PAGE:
Friday, August 28, 2009

Islamic Development Bank sukuk, Nakheel update, BNM releases SPR1 on murabaha, Takaful in the U.S.

The descriptions of the Moody's Aaa rating given to the $1.5 billion sukuk provide some details about the way they are structured, a hybrid structure combining the investments made by the bank to governments and companies. The hybrid sukuk combines "ijara assets, murabaha contracts, istisna'a contracts and Islamic Development Bank investments in equity and sukuk certificates". The sukuk represent ownership of the pool of assets which are serviced by the Islamic Development Bank. Profits are paid during the term of the sukuk and the sukuk assets are repurchased upon maturity. One interesting part of the sukuk is that their profit payments appear to be fixed during the term of the sukuk and the SPV issuing the sukuk is given a noninterest-bearing line of credit with the Islamic Development Bank to make up any shortfall in periodic payments. Given the structure of the sukuk in which most of the assets are likely to be ijara, murabaha, istisna'a and sukuk, the profit payments should be relatively predictable. The line of credit makes the sukuk equivalent to senior unsecured debt of the IsDB.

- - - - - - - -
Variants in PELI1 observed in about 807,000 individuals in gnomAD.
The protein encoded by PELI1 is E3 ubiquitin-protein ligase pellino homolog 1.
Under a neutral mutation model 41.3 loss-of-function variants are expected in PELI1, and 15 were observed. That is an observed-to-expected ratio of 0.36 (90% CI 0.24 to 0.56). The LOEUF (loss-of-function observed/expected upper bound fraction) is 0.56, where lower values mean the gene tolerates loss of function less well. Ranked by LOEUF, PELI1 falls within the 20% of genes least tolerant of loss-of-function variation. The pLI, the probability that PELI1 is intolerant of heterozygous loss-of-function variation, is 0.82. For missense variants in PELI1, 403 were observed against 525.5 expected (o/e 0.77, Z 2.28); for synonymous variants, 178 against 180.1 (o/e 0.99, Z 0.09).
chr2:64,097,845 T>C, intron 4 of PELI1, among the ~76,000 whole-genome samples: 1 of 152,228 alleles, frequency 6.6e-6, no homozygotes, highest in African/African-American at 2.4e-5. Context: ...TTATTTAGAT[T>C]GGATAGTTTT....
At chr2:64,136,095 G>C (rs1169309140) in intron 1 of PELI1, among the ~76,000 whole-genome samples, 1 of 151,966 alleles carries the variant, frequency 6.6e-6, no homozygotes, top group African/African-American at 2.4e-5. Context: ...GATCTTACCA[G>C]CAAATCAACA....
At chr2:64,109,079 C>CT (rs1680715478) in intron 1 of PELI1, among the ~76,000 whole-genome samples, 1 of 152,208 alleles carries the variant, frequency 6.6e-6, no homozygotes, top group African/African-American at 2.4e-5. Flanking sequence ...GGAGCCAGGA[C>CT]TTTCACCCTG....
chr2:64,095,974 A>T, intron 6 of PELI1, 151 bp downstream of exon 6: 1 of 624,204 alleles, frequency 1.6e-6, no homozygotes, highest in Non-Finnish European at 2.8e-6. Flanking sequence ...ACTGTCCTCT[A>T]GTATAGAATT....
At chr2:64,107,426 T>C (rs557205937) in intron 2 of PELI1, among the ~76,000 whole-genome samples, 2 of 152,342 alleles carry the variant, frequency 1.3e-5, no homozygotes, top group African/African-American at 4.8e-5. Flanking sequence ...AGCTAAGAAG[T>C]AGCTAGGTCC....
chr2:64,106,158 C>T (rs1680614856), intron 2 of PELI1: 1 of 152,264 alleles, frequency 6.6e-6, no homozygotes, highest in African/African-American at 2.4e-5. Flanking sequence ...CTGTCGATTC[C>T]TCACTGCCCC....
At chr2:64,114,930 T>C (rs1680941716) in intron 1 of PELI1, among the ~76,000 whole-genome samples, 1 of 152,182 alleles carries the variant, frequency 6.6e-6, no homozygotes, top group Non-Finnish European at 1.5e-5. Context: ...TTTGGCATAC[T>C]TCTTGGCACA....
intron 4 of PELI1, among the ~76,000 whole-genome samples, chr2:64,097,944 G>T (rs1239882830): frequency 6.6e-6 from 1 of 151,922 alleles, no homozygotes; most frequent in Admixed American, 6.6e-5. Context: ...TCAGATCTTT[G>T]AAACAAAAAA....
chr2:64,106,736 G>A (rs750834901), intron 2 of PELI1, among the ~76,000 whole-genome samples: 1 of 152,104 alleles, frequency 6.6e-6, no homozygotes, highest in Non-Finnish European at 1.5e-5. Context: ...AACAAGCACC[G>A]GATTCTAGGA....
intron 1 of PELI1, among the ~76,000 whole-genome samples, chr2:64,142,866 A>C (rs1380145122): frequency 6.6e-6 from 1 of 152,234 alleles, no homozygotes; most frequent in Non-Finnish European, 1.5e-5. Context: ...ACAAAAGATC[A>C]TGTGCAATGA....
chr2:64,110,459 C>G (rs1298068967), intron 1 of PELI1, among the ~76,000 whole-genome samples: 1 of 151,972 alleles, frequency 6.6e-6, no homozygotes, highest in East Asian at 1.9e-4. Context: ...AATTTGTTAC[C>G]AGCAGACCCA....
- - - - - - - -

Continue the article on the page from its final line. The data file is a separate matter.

Two large holders of Nakheel's sukuk which matures in December 2009 belive that there will be no restructuring and that the sukuk will be repaid in full upon maturity. Meanwhile Nakheel is apparently selling liquid assets at a steep discount to raise cash to repay the sukuk. The National reports that Nakheel has sold its stake in Australia's Mirvac for 80% less than it paid in 2007.

Bank Negara Malaysia, the Malaysian central bank, released its guidance on the Shari'ah-compliance requirements for murabaha (Shariah Parameter Reference 1) to encourage standardization and is working on similar SPRs for ijara, mudaraba, musharaka, istisna'a and wadi'ah.

Takaful is now available in the U.S. from a subsidiary of now-government-owned AIG that is available through exclusive broker Zayan Takaful. So far the takaful is available in 13 states although only a few hundred people have signed up. The article also has an interesting discussion about differences in opinion about the need for takaful and the acceptability of it in its current form.

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